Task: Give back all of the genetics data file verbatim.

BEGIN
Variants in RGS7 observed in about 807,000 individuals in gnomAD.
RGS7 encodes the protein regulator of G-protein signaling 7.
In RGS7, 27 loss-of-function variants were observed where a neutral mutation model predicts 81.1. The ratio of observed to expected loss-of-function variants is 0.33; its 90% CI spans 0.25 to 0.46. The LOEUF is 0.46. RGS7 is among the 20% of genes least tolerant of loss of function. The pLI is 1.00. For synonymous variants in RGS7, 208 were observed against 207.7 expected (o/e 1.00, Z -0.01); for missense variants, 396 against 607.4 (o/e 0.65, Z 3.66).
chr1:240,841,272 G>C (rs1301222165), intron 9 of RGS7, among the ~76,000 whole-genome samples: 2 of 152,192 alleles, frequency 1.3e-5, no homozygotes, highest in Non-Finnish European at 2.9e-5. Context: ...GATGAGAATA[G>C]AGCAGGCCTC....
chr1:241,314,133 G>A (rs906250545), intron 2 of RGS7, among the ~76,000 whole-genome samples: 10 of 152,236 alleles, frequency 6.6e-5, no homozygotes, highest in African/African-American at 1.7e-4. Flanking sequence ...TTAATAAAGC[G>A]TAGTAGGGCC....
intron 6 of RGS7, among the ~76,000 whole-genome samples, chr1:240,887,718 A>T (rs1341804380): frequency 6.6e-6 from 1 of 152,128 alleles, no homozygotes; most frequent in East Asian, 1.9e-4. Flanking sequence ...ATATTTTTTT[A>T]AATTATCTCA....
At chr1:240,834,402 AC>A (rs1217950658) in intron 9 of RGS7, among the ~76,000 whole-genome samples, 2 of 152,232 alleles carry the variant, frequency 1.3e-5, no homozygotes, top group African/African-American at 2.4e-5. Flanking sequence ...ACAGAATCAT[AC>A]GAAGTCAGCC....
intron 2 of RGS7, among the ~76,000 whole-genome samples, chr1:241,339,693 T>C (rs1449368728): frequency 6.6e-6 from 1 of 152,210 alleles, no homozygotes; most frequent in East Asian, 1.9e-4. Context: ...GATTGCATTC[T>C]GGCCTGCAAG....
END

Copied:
Variants in RGS7 observed in about 807,000 individuals in gnomAD.
RGS7 encodes the protein regulator of G-protein signaling 7.
In RGS7, 27 loss-of-function variants were observed where a neutral mutation model predicts 81.1. The ratio of observed to expected loss-of-function variants is 0.33; its 90% CI spans 0.25 to 0.46. The LOEUF is 0.46. RGS7 is among the 20% of genes least tolerant of loss of function. The pLI is 1.00. For synonymous variants in RGS7, 208 were observed against 207.7 expected (o/e 1.00, Z -0.01); for missense variants, 396 against 607.4 (o/e 0.65, Z 3.66).
chr1:240,841,272 G>C (rs1301222165), intron 9 of RGS7, among the ~76,000 whole-genome samples: 2 of 152,192 alleles, frequency 1.3e-5, no homozygotes, highest in Non-Finnish European at 2.9e-5. Context: ...GATGAGAATA[G>C]AGCAGGCCTC....
chr1:241,314,133 G>A (rs906250545), intron 2 of RGS7, among the ~76,000 whole-genome samples: 10 of 152,236 alleles, frequency 6.6e-5, no homozygotes, highest in African/African-American at 1.7e-4. Flanking sequence ...TTAATAAAGC[G>A]TAGTAGGGCC....
intron 6 of RGS7, among the ~76,000 whole-genome samples, chr1:240,887,718 A>T (rs1341804380): frequency 6.6e-6 from 1 of 152,128 alleles, no homozygotes; most frequent in East Asian, 1.9e-4. Flanking sequence ...ATATTTTTTT[A>T]AATTATCTCA....
At chr1:240,834,402 AC>A (rs1217950658) in intron 9 of RGS7, among the ~76,000 whole-genome samples, 2 of 152,232 alleles carry the variant, frequency 1.3e-5, no homozygotes, top group African/African-American at 2.4e-5. Flanking sequence ...ACAGAATCAT[AC>A]GAAGTCAGCC....
intron 2 of RGS7, among the ~76,000 whole-genome samples, chr1:241,339,693 T>C (rs1449368728): frequency 6.6e-6 from 1 of 152,210 alleles, no homozygotes; most frequent in East Asian, 1.9e-4. Context: ...GATTGCATTC[T>C]GGCCTGCAAG....